direttore Paolo Di Maira

TOM STERNBERG/Italy is too expensive

The choice of why to film in Italy for all the films was basically the same, the location and the pleasure of working with an Italian crew.


Regarding “The Black Stallion”, we found the desert island locations in Sardinia after looking in many places and Cinecitta had its great tank in which we could film the shipwreck, and, of course, studios.


Regarding “The Black Stallion Returns”, there were some locations in Italy and the studio work could be done at Cinecitta.
But most importantly, the film was essentially an all Italian crew with a major part of the filming in Morocco because we needed the desert. The choice of why to base in Italy with an Italian crew was because it is always a very rich experience to work with Italians, the Italians were knowledgeable about working in Morocco, travel easily, and are very open to working with crew members from other countries.


“The Talented Mr. Ripley” and “Under the Tuscan Sun” were both filmed in Italy because the stories took place there (Editor’s note: both are based on novels) and shooting in the real locations increased the beauty and quality of the films, and contributed to an increase in tourism in those areas, amongst other things.


Since producing “Under the Tuscan Sun” in 2003, I have kept looking for other films to make in Italy, but it’s very hard to find a suitable project for my work with a major studio here, but I keep looking and hoping.
In all the films I have produced in Italy, I have worked with a great Italian producer and have produced “the Italian way.”
In other words, I did not bring Hollywood to Italy, the films were made in the Italian culture and with great caring and respect for everything about Italy.
In fact, in all the films, the minimum number of Americans/ foreigners were brought to Italy, and the ones that did come to Italy were ones essential to the production and the director. I
t was my great pleasure to film in Italy, I love the place, I love the people, I love the food, I love the attitude and the Italian pleasure with life.


In terms of what were the greatest difficulties, I would say it would be the search for locations: at the time these films were made, the Italian producers negotiated the best possible rates for hotels and locations but I am told now that information on locations throughout Italy is accessible without having to travel to all the possible places.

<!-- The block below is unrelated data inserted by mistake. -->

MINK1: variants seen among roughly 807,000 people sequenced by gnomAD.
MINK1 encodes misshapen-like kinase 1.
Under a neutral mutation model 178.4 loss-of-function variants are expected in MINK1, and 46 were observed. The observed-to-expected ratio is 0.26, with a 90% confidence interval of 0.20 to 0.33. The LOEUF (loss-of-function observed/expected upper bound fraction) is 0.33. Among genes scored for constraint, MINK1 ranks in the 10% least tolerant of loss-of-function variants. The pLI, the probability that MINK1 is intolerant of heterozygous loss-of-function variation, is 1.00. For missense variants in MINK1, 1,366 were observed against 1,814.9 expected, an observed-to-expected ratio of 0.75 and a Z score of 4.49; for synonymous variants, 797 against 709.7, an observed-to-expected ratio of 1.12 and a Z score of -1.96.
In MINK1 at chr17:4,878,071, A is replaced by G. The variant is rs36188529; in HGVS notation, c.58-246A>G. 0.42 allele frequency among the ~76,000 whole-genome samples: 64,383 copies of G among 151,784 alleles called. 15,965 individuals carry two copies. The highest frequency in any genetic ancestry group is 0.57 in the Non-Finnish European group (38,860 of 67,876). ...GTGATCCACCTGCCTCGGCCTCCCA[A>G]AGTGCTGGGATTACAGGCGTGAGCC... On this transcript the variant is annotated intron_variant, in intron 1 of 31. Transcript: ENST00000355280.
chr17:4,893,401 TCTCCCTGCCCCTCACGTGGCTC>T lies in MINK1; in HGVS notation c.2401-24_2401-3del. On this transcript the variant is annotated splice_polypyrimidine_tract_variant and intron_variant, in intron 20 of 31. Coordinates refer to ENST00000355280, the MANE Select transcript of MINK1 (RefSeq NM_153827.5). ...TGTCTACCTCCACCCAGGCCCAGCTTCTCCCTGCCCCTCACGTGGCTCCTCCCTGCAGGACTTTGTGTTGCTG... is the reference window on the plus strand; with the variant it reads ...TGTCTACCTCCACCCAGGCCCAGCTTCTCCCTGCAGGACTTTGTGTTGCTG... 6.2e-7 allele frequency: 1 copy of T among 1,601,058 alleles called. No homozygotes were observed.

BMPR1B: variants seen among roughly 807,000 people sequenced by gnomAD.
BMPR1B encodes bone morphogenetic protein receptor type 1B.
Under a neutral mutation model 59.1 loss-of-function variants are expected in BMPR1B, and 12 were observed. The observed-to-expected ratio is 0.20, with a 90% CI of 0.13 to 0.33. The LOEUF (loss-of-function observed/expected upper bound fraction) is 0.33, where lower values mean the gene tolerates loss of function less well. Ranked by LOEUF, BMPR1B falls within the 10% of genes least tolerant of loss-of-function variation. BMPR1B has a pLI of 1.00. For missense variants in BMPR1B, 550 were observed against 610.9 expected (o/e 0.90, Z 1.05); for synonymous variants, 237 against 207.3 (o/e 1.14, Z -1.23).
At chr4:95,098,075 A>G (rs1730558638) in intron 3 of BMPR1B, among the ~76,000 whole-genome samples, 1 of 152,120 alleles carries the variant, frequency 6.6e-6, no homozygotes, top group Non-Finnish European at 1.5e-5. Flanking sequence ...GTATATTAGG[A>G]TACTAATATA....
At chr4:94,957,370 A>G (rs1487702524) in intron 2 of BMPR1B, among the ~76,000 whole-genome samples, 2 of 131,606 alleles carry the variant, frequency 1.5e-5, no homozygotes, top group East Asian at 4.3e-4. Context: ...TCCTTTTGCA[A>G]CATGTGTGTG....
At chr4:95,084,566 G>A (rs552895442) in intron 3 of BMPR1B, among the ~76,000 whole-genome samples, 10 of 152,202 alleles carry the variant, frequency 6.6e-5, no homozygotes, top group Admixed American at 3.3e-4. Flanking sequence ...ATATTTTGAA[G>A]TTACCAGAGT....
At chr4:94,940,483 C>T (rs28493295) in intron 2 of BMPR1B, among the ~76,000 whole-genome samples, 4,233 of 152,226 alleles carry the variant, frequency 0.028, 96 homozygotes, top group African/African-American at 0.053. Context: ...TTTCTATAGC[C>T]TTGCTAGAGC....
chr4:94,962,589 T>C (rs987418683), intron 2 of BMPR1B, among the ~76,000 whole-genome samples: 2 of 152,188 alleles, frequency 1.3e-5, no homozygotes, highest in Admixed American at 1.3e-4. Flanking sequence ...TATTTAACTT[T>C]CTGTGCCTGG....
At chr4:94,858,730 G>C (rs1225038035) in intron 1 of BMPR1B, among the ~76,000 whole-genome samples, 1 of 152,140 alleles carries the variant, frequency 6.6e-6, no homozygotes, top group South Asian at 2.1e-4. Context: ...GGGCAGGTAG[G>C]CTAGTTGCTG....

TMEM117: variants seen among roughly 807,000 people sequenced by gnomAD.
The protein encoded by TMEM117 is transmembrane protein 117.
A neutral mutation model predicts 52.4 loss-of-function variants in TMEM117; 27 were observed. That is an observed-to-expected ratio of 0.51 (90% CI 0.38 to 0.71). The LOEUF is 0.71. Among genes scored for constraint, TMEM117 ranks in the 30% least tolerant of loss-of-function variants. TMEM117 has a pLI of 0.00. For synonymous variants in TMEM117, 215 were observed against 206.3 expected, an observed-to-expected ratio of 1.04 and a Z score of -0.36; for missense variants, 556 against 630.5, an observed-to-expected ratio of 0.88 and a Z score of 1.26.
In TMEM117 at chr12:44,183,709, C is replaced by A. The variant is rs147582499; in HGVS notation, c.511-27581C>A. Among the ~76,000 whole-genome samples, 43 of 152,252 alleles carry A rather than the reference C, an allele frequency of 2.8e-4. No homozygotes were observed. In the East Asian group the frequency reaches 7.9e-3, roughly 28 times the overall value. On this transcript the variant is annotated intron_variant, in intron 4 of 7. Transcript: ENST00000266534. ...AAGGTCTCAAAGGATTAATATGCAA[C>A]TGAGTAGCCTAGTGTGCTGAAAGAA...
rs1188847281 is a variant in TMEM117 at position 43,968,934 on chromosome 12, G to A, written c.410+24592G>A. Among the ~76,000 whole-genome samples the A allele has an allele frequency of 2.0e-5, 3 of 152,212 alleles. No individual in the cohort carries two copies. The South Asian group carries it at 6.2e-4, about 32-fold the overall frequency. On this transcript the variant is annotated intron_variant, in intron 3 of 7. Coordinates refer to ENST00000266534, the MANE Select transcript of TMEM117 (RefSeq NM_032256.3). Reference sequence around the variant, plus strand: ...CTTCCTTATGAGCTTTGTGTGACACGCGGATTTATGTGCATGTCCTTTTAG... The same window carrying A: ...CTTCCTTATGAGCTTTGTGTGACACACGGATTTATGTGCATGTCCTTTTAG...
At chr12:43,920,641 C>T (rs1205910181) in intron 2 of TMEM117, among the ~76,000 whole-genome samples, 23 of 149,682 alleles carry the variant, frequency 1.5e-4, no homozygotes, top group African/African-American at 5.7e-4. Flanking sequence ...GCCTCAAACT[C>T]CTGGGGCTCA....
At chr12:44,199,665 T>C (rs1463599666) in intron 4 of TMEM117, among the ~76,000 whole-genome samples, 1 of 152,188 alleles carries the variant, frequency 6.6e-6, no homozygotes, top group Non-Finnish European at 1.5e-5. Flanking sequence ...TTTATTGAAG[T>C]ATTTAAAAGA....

I am told there is an Italian tax incentive now and have heard just a few of the details.
From what I know, this Italian tax shelter is better than having nothing, but it is complicated and requires being in business with an Italian producer and in the end, it provides very little money.
Knowing this, there could be a benefit for independently-financed low budget but I don’t know whether it would be seen as a benefit by the major American studios.
What I can say is with the difficulties in the American film business, and the need to try to control costs as much as possible, producers are going to places where they can get the work done at the lowest possible cost and hopefully with some tax incentive.
The result of this is that some of the filming has moved East from Czechoslovakia to Romania and now to Bulgaria.


                                                            Thomas Sternberg


 


 


TAX CREDIT: WHAT IS AVAILABLE TO FOREIGN PRODUCTION COMPANIES?


Section 335 of article 1 of the 2008 Finance Bill says: “Tax credits shall be granted to national executive production and post-production companies for the tax period subsequent to the period underway on 31st December 2007 and for the subsequent two fiscal years, for movies or parts of movies filmed on Italian territory using Italian labor and commissioned by foreign production companies. The said tax credits shall be equal to 25% of the production cost of the individual movie for a maximum amount, for each movie, of 5,000,000 Euros. Tax credits are not, therefore, granted directly to foreign production companies.

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